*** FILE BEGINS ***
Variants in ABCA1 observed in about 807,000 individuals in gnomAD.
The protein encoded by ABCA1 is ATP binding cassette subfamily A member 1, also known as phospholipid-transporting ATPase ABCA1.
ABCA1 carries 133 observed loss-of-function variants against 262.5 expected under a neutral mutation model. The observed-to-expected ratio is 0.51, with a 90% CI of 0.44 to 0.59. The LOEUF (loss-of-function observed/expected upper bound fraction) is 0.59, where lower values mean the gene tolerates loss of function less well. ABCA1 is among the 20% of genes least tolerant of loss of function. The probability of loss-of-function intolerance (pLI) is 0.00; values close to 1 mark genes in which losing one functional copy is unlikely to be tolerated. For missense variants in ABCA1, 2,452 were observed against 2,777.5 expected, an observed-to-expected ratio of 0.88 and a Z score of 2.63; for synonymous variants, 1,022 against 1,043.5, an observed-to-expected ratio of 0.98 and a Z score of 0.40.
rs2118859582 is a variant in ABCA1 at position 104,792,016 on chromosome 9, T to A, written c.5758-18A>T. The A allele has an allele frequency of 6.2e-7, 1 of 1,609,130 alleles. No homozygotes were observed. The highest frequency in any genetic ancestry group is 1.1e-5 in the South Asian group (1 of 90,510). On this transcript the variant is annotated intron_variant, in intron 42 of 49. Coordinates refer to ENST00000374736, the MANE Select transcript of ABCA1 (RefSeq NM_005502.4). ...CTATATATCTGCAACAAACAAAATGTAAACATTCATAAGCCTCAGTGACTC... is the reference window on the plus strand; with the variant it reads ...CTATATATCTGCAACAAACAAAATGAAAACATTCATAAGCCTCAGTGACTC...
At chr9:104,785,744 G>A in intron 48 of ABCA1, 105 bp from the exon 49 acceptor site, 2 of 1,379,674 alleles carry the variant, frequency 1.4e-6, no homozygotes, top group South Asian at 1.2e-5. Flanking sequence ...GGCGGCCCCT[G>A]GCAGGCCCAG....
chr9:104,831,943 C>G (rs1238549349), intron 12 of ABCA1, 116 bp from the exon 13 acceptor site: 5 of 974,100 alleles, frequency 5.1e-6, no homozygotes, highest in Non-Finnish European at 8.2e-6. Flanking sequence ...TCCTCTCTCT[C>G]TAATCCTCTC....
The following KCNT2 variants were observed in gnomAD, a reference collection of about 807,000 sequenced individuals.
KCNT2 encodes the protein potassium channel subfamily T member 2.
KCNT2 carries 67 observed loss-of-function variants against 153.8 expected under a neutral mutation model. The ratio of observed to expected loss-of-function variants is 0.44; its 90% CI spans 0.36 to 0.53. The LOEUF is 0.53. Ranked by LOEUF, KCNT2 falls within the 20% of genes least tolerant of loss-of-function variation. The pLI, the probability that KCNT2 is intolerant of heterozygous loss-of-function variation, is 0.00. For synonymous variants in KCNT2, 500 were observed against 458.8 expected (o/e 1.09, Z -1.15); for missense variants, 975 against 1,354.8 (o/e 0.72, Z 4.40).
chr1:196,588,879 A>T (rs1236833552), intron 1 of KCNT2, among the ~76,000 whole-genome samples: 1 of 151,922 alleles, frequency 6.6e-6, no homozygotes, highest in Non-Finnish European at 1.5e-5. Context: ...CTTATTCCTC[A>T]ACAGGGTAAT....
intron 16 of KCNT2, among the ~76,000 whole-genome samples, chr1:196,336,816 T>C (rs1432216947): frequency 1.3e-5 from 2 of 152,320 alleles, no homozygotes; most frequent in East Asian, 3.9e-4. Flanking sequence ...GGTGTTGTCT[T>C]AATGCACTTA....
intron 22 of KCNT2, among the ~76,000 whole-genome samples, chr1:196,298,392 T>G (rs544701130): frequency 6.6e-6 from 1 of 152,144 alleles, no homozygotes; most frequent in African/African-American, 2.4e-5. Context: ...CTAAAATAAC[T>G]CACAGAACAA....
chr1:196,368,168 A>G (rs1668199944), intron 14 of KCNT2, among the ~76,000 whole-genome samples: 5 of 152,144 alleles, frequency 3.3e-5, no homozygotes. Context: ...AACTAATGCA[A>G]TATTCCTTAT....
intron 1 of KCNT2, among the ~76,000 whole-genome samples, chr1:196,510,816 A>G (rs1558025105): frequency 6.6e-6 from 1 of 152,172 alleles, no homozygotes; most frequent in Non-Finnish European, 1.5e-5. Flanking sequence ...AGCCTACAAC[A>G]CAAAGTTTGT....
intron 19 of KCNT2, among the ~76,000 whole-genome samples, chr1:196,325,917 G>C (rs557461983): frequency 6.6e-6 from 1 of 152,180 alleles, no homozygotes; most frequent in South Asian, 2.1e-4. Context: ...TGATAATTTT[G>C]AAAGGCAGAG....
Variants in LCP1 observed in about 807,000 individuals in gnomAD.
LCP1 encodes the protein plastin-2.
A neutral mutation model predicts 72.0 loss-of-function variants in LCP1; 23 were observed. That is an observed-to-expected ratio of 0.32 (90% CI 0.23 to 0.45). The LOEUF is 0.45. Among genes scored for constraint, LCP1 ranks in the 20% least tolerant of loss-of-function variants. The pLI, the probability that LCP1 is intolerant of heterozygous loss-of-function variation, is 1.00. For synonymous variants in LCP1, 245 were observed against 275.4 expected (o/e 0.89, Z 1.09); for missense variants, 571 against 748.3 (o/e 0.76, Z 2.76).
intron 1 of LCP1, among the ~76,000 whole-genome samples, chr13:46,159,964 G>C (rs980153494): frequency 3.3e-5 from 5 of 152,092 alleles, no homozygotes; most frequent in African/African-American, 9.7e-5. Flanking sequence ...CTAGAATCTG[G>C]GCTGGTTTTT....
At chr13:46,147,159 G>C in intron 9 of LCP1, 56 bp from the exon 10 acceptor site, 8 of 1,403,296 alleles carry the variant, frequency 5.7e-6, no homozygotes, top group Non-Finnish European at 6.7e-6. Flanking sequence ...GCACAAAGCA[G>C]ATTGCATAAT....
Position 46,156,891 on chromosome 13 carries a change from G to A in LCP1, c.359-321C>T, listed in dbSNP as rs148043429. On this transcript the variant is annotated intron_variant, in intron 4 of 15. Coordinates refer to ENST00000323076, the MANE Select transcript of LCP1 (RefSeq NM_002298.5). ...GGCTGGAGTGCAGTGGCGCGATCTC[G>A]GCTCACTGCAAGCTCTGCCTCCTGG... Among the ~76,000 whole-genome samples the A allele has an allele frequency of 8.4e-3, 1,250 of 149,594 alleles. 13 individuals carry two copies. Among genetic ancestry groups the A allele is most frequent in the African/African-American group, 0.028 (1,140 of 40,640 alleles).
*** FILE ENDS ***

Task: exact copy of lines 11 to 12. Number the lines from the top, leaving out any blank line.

intron 16 of KCNT2, among the ~76,000 whole-genome samples, chr1:196,336,816 T>C (rs1432216947): frequency 1.3e-5 from 2 of 152,320 alleles, no homozygotes; most frequent in East Asian, 3.9e-4. Flanking sequence ...GGTGTTGTCT[T>C]AATGCACTTA....
intron 22 of KCNT2, among the ~76,000 whole-genome samples, chr1:196,298,392 T>G (rs544701130): frequency 6.6e-6 from 1 of 152,144 alleles, no homozygotes; most frequent in African/African-American, 2.4e-5. Context: ...CTAAAATAAC[T>G]CACAGAACAA....